The poem is about remembering how much your father loved you and how lonely you felt. In his other well-known poem, “The Whipping,” a young boy is severely punished for something that isn’t clear.
“Middle Passage,” another famous poem, was based on the events of the United States vs. The Amistad case. “Runagate” and “Frederick Douglass” are two of his other well-known poems.
Hayden’s work was mostly about the struggles of African Americans. He often used the Paradise Valley slum, where he used to live, as a setting. His poem “Heart-Shape in the Dust” made this very clear. Hayden wrote his works using black vernacular and folk speech.
He also wrote political poetry, some of which were about the Vietnam War. Hayden was an artist who took poetry seriously and worked hard at it. His poetry was known for its clever use of language and its economy, which came from a lot of compression, understatement, juxtaposition, and montage.
Poems like “Snow,” “Approximations,” “The Diver,” “The Night-Blooming Cereus,” and “For a Young Artist” show how he uses specific words and short phrases to open up a wide range of possible symbolic meanings. Hayden’s skill with technique let him write poetry both in the symbolist style and against it.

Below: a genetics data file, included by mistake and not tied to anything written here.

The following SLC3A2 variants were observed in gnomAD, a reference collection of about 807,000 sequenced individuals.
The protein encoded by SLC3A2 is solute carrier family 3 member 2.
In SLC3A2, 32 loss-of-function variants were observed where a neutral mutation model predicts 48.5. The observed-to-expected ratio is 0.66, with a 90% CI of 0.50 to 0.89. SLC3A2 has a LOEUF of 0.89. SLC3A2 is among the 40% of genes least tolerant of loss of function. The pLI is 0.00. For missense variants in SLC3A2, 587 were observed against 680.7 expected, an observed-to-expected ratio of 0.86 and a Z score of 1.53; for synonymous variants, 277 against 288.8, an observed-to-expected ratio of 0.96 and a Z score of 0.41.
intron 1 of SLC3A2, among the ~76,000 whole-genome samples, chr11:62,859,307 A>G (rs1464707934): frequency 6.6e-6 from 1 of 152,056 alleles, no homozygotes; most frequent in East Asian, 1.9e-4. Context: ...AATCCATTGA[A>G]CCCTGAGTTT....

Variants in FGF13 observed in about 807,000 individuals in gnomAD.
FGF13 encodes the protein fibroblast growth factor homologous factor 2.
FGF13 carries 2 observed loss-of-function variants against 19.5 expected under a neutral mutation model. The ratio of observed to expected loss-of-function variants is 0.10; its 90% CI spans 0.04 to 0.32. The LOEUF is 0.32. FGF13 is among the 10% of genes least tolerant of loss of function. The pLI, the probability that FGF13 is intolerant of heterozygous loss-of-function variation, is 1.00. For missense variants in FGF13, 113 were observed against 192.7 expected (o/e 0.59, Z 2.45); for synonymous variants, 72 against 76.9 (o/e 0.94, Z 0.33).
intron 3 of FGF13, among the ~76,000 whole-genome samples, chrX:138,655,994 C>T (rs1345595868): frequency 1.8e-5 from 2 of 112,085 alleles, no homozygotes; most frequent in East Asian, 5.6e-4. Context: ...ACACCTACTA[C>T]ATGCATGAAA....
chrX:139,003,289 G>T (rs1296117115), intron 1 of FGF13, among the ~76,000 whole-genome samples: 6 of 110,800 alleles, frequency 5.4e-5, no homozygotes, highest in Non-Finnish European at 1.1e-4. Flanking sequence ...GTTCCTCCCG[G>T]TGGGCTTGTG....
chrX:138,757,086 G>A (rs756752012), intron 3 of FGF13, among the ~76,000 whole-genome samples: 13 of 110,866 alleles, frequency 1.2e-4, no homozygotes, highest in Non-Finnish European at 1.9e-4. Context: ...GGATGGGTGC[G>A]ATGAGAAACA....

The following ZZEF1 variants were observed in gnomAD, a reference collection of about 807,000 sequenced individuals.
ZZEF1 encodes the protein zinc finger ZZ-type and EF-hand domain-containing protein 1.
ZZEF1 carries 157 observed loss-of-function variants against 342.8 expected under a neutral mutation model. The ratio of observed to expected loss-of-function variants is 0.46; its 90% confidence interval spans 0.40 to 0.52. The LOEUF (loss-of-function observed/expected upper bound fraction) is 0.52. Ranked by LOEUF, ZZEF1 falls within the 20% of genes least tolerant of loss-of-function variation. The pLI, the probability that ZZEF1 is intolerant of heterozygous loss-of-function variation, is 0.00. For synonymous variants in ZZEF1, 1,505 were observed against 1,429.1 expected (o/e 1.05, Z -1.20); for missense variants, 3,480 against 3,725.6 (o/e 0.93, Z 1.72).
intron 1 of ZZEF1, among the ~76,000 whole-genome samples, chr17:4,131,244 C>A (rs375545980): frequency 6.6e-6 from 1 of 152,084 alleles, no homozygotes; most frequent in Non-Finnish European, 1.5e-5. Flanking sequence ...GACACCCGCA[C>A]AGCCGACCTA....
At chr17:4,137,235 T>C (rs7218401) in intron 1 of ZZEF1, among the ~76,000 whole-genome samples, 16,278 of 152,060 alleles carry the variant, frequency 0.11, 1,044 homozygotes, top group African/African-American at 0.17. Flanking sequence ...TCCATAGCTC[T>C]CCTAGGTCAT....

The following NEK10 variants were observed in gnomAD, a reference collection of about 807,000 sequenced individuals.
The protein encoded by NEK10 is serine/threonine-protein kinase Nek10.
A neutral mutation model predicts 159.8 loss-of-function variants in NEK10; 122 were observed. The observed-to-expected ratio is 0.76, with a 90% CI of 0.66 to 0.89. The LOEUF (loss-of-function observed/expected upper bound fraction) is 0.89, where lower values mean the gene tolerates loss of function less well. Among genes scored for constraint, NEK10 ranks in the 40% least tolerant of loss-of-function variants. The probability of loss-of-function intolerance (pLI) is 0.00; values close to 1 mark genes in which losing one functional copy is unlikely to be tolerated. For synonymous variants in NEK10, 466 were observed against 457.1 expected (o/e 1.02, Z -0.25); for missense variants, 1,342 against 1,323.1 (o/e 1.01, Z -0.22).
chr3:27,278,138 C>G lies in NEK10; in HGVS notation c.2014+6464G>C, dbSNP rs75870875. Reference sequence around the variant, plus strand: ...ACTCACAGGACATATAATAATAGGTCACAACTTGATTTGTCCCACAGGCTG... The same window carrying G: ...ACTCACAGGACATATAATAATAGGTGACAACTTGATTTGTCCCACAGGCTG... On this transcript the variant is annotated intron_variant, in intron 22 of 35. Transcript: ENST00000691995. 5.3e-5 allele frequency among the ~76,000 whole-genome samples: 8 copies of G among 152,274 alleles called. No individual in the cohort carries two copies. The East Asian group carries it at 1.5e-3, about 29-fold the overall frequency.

His poetry shows how he moves from writing about specific races or experiences to writing about things that everyone has in common. Even now, Hayden’s poetry is thought to be strong and interesting because of how it wrestles with questions of knowledge and language. Other things that make his poetry so well-known are that it honors African American oral tradition and looks at history.
His Personal Life
Hayden got married to pianist Erma Morris in 1940. That same year, “Heart-Shape in the Dust,” his first book, came out.
Robert Hayden’s Death
Hayden died on February 25, 1980, in Ann Arbor, Michigan. He was 66 years old.
Estimated Net worth
Robert Hayden’s estimated net worth is $2 million, and he makes most of his money as a dancer, lighting designer, poet, and performer. We don’t know enough about Robert Hayden’s cars or his way of life.